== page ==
By: Ian Easton and Dee Wu |
Taiwan has a big problem. In 2016, the People’s Republic of China (PRC) began a sweeping reorganization of its military with the aim of creating a joint force capable of fighting and winning future wars. Of all the operations envisioned by the Chinese People’s Liberation Army (PLA), the most heavily emphasized is the Joint Island Attack Campaign, which is code for the invasion of Taiwan.
The threat was recently brought into stark relief across the Republic of China (ROC), the official name of Taiwan’s government. In May, the ROC military mobilized for war games to test the island’s anti-invasion strategy, holding the annual Han Kuang exercises, a series of defense drills used to simulate what might happen if China launched an all-out war of aggression against Taiwan. As is typically the case, the 2017 iteration of Han Kuang involved computer-aided command post simulations, civil defense drills, field training exercises, emergency reserve force mobilization, and live-fire drills.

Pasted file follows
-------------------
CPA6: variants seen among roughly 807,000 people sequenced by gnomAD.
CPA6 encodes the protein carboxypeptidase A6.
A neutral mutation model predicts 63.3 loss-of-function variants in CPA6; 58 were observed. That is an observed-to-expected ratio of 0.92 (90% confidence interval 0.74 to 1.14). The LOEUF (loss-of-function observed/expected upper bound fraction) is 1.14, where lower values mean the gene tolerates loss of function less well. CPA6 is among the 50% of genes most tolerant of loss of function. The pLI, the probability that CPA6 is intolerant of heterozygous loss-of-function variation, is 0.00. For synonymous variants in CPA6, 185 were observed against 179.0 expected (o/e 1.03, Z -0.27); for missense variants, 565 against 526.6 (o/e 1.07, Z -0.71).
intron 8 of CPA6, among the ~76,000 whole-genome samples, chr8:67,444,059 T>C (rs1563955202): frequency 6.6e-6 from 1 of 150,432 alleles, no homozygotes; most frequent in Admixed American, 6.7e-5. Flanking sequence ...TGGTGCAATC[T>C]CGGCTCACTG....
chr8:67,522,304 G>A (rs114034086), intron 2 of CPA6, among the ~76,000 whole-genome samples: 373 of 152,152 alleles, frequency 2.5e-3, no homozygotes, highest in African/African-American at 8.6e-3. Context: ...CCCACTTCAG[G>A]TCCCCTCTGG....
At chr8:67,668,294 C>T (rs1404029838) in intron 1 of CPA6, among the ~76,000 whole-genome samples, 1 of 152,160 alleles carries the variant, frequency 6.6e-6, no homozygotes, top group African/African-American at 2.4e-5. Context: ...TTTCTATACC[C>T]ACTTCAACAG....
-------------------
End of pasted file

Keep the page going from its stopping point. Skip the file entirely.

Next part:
Sleepy suburban neighborhoods and small towns across Taiwan were alerted of the events by the wail of air raid sirens, the distant rumble of tanks, the scream of fighter jets, and the crunching impacts of gun batteries. Thousands of men, who normally would have put on business suits before going to work in office buildings, instead donned camouflage fatigues and went to work stringing razor wire, emplacing beach obstacles, and manning machine guns along the coast.
To continue reading this article, please visit the original publication in The Diplomat (June 15, 2017).
Ian Easton is a research fellow at the Project 2049 Institute and author of the forthcoming book, The Chinese Invasion Threat: Taiwan’s Defense and American Strategy in Asia. Dee Wu is an intern at the Project 2049 Institute and graduate student at Georgetown University.